Two new programmes aim to move organisations beyond the statements of solidarity expressed last summer through distinct but complementary approaches.
Two new initiatives aim to make the arts sector truly inclusive by radically changing the way organisations operate.
Inc Arts has developed Unlock, a toolkit for organisations to track their progress on 100 anti-racist actions, while Big Squeeze, a leadership programme by Sour Lemons, involves two-year partnerships to dismantle systemic racism within specific organisations.
While Unlock has a more explicit focus on confidentiality - organisations progress through the toolkit at their own pace - Big Squeeze builds "a culture of accountability" by establishing in-house accountability and anti-oppression working groups.
Both programmes aim to move beyond the statements of solidarity expressed during the Black Lives Matter movement last summer by implementing the recommendations of those with lived experience of racism in the sector.
"It's really important that it's not just out of my head; it's actually from all the people who have called for change," Amanda Parker, Director of Inc Arts, said.
"It's really useful to ask what we are benchmarking against. To know that you are doing something that is rooted not just in your organisation's practice but in people's experiences, I think is really hopeful."
Sour Lemons' Co-CEO Sade Banks said "our mission is to make the truth irresistible".
"If it becomes impossible to not be aware of how racism manifests, it’s impossible not to do something about it."
Unlocking radical change
Unlock is the first cross-sector commitment to anti-racism in the UK that can be charted over time through specific and measurable actions.
Organisations including National Theatre, Royal Shakespeare Company, Cambridge Junction and Lyric Hammersmith Theatre have signed up to the toolkit, which grew out of an autumn conference that explored experiences of racism in the dance and theatre industries.
"We collected all of the statements and we spent a good amount of time with people in workshops seeing what this could look like," Parker said.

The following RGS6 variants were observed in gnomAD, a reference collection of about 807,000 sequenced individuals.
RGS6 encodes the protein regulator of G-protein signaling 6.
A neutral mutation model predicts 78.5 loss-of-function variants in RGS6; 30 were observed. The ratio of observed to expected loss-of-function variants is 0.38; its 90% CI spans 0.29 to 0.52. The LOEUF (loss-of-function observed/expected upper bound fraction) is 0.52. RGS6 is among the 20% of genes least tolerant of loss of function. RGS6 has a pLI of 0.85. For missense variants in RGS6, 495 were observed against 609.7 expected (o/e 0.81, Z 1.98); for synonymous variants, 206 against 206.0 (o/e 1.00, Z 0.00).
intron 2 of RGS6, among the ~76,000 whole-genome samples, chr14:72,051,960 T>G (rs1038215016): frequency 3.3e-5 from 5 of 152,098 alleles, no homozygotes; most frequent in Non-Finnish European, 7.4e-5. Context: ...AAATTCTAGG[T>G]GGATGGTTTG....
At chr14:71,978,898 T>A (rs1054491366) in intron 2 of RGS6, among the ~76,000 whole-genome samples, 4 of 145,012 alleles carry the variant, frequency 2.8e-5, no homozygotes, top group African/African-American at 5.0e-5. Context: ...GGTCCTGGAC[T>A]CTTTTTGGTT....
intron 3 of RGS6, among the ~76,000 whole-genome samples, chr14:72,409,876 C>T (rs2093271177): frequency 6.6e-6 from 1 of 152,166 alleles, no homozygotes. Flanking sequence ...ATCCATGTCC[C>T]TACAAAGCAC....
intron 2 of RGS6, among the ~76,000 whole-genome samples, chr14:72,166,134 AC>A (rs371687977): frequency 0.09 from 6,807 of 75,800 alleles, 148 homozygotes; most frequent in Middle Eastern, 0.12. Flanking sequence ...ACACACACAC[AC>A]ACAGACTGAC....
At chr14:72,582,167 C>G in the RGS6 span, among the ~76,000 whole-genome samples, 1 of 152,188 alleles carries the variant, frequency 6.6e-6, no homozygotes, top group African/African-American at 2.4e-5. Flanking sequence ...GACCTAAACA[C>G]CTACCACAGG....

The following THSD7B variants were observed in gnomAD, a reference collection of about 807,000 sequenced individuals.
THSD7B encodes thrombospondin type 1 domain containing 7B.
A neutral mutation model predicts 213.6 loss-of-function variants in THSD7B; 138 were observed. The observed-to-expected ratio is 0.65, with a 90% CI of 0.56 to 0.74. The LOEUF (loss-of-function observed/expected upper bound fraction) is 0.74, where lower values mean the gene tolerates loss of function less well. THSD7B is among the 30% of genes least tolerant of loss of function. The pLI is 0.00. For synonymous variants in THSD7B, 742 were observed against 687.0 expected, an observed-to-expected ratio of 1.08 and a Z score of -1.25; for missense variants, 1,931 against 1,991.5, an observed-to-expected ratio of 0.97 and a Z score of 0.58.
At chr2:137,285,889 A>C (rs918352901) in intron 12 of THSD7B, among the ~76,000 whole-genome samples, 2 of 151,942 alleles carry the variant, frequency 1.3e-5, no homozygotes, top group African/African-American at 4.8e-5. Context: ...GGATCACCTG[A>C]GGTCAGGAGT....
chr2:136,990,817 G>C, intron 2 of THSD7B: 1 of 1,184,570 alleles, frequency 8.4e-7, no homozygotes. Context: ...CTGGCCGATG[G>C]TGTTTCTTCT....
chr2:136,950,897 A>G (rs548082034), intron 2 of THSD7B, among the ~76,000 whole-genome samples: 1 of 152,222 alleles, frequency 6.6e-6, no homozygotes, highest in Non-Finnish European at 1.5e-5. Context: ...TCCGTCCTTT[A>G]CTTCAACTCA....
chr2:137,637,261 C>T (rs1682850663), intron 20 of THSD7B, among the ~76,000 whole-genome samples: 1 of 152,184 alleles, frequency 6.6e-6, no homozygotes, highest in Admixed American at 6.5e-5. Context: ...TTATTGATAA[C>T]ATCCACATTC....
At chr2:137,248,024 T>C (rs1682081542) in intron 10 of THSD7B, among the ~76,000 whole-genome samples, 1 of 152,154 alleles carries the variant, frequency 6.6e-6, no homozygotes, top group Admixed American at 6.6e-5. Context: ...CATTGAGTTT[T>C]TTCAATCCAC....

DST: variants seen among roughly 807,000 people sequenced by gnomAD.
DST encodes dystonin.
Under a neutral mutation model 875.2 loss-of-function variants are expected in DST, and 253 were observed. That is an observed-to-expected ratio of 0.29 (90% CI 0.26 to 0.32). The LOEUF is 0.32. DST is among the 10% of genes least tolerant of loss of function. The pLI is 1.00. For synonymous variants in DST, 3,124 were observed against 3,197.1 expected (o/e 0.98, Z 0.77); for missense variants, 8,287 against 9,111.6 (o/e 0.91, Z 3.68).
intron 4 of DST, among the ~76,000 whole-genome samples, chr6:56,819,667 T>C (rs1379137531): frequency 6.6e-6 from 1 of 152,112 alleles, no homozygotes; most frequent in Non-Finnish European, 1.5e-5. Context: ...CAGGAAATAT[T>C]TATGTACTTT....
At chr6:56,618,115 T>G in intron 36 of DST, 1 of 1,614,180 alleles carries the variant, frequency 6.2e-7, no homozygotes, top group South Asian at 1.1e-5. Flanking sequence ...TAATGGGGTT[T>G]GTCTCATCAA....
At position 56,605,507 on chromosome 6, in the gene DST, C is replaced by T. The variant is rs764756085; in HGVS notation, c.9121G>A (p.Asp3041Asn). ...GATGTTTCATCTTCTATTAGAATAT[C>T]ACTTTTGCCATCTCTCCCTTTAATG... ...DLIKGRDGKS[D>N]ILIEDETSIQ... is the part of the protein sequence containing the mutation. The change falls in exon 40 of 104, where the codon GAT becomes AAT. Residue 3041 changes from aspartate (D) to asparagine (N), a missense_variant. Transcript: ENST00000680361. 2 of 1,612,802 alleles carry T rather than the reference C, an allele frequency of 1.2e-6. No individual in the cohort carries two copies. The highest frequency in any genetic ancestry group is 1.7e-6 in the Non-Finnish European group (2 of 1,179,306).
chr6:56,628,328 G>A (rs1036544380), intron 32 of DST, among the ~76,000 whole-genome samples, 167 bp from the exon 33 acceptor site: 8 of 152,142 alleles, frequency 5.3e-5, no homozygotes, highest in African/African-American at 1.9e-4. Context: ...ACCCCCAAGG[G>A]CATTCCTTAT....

The 100 anti-racism actions include suggestions on how to diversify leadership and recruitment. Some, Parker says, are "a bit of a stretch" for larger organisations, such as ensuring the pay gap between their highest and lowest paid doesn't exceed 250%.
But other changes, like fixed-term contracts for senior staff, are more attainable than they may seem.
"Introducing fixed term contracts doesn't mean someone has to walk out at the end; it just means they have to be voted back in," Parker said.
She says funders have shown enthusiasm for Unlock - The Gulbenkian Foundation provided seed funding - as a way to monitor their grantees' progress towards diversity.
Organisations recieve a private ranking based on the number and weight of changes they choose to implement. While Inc Arts plans to review signatories' progress "Ofsted-style", annual reports will focus on industry trends.
"Transparency is important - but confidentiality and collaboration is equally important," Parker said.
"I don't think it's our place to shame people. I think there's accountability because it's being measured."
If an organisation posted a black square to social media last summer, it should sign up to the free tool, she said.
"Every organisation should have agency and their own narrative."
Squeezing out solutions
Banks, of Sour Lemons, agrees that anti-racism work must be iterative and evolve alongside individual organisations: "One of the ways systemic racism is upheld is through a lack of imagination."
Big Squeeze will interrogate internal structures via a team of associates led by Co-CEO Shoomi Chowdhury. One working group of colleagues of mixed racial identities will hold their organisation accountable in making meaningful changes; a second anti-oppression group of white senior leaders will be responsible for the labour of change.
"Typically what happens in an organisation when they are thinking about addressing racism [is] that work is put on top of people experiencing racism. It's not fair, it's not just and it's not OK," Banks said.
Sour Lemons will initially work with just two organisations - Royal Court Theatre and Young Vic - that it believes have already shown a commitment to anti-racism, rather than those who "just started talking about inequalities last year".
These organisations are encouraged to take a new six-week leadership course with the creative sector changemakers instead: "For us to go in the groundwork has to be led by leaders," Chowdhury said.
"They have to be prepared for what's really a gruesome journey of being able to right all our wrongs."
Chowdhury says accountability is "at the heart" of the Big Squeeze approach. Partners will share their learning and progress every six months.
"I don't know many examples where accountability has been done well but we're getting to the point where we can experiment with that.
"We want to move away from statements online and going back to business as usual."